740.00119 Control (Japan)/7–1545

No. 613
Memorandum by the Special Assistant to the Assistant Secretary of State (Dooman)1
top secret

Japan : Occupation and Military Government

The United States has adopted the policy that for the purposes of prosecuting the war and for military government, Japan comes under the jurisdiction of the United States. Prime Minister Churchill is understood to have given tacit consent to this policy by certain statements made by him at the Second Quebec Conference in September 1944.2
The State, War and Navy Departments have provisionally agreed upon the following position with regard to the occupation and military government of Japan in the post-defeat period. It is now before the Joint Chiefs of Staff for approval or comment before [Page 934] being presented to the Secretaries of State, War and Navy for final action:
This Government is committed to the principle of united action for the prosecution of the war in all matters relating to the surrender and disarmament of Japan.
The United Kingdom, China and (if she enters the war) the Soviet Union, have a responsibility to participate with the United States in the occupation and military government of Japan and the obligation to assume a share in the burden thereof.
While the establishment of policies for the control of Japan is a matter to be entered into by the major Allies in harmony with other United Nations, the United States should insist on control over the implementation of these policies.
The major share of the responsibility for military government and the preponderance of forces used in occupation should be American, and the designated Commander of all occupational forces (the Military Governor), and the principal subordinate Commanders should be American.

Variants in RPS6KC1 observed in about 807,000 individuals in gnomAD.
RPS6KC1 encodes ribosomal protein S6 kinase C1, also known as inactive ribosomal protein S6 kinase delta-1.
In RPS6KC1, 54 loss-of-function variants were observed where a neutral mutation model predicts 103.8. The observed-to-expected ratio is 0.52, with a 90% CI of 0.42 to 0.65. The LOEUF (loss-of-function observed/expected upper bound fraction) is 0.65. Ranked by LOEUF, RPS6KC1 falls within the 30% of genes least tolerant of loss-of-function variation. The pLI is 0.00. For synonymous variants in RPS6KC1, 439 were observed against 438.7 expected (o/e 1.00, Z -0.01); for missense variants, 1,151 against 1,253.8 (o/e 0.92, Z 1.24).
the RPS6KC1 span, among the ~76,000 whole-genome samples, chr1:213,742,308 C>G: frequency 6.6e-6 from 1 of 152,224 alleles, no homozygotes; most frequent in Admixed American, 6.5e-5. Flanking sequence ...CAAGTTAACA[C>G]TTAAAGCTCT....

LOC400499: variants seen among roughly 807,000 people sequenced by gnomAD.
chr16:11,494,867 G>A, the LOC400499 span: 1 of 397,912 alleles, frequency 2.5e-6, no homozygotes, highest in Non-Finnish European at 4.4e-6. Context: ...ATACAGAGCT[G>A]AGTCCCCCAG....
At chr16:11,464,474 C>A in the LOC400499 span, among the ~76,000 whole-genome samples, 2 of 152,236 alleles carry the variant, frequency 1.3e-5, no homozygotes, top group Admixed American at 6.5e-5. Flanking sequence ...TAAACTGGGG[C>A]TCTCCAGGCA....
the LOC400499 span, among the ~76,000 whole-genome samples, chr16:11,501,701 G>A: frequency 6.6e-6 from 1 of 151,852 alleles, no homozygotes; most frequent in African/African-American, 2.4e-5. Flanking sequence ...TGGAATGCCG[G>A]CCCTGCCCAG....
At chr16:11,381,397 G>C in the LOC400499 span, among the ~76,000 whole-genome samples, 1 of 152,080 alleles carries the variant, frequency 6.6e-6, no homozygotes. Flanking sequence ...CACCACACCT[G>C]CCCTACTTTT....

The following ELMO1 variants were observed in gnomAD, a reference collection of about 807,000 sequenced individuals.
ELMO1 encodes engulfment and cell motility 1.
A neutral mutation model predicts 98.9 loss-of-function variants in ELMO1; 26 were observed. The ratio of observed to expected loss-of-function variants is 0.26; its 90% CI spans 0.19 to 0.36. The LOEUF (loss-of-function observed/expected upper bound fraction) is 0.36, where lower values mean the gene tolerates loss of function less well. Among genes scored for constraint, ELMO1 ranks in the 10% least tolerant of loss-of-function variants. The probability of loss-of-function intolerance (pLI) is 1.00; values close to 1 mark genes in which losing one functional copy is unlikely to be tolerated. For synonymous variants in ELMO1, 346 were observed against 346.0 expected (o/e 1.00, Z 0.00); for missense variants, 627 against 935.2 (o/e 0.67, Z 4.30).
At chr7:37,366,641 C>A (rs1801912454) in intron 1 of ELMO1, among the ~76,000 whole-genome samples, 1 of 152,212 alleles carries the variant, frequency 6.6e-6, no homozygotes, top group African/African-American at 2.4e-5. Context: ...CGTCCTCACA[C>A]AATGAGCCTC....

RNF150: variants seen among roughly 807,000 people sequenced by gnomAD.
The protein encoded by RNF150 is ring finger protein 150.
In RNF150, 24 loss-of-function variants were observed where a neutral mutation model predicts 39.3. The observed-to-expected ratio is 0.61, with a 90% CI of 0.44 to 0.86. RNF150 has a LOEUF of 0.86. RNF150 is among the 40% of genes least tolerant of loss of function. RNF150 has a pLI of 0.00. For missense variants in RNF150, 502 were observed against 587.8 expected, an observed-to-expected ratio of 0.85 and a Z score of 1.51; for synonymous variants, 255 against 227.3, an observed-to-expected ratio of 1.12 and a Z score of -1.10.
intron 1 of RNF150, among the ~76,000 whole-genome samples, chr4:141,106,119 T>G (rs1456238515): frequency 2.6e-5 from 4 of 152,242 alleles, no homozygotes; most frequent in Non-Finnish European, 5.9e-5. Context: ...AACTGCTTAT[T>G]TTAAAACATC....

The military government of Japan should be organized on the principle of centralized administration, avoiding the division of the country into national zones of independent responsibility administered separately.
If the foregoing should be adopted as the final United States position, it would call for a cordial acceptance of any Soviet expression of intention to despatch an armed contingent to collaborate in the assault on, and occupation of Japan. On the other hand, if and if [sic] there should be initiated a state of war between the Soviet Union and Japan, [and if] there were offered no such collaboration, the United States position would require the giving of a reminder to the Soviet Government of its commitment, under the Moscow Declaration of October 30, 1943,3 to the principle of united action for the prosecution of the war against Japan.
The United States position would call for insistence upon
(a) a unified, and not zonal, military government of Japan; and (b) the controlling voice of the United States in the determination of policies of military government; [.]
With regard to (a) above, the unified character of Japan from administrative, economic, social and ethnic points of view, along with the fact that the United States will have assumed the major share of the burden in accomplishing Japan’s defeat and will therefore have acquired warrantable grounds for claiming a controlling voice in the post-defeat treatment of Japan, makes desirable a unified military government.
Allied participation in military government of Japan would be effected by contingents of our Allies serving in the occupation forces directly under the designated Allied Commander, who will be an American, and representation on a council, advisory to the Commander, made up of ranking officers of the respective contingents.
In view of the undertakings given the Soviet Government with regard to Southern Saghalien [Sakhalin] and the Kurile Islands,4 an exception to the principle of unified administration might well be entertained in respect of these areas if any proposal to that effect were made by the Soviet Government. The areas mentioned are sparsely populated and relatively unimportant, and their administration as a separate unit would not materially affect the administration of Japan proper.
  1. The file copy is unsigned, but bears a manuscript notation indicating that it was drafted by Dooman.
  2. The records of the Second Quebec Conference are scheduled for publication in a subsequent volume in this series.
  3. Text in Department of State Bulletin, vol. ix, p. 308.
  4. i. e., the agreement regarding entry of the Soviet Union into the war against Japan, signed at Yalta, February 11, 1945. For text, see Executive Agreement Series No. 498; 59 Stat. (2) 1823; Foreign Relations, The Conferences at Malta and Yalta, 1945, p. 984.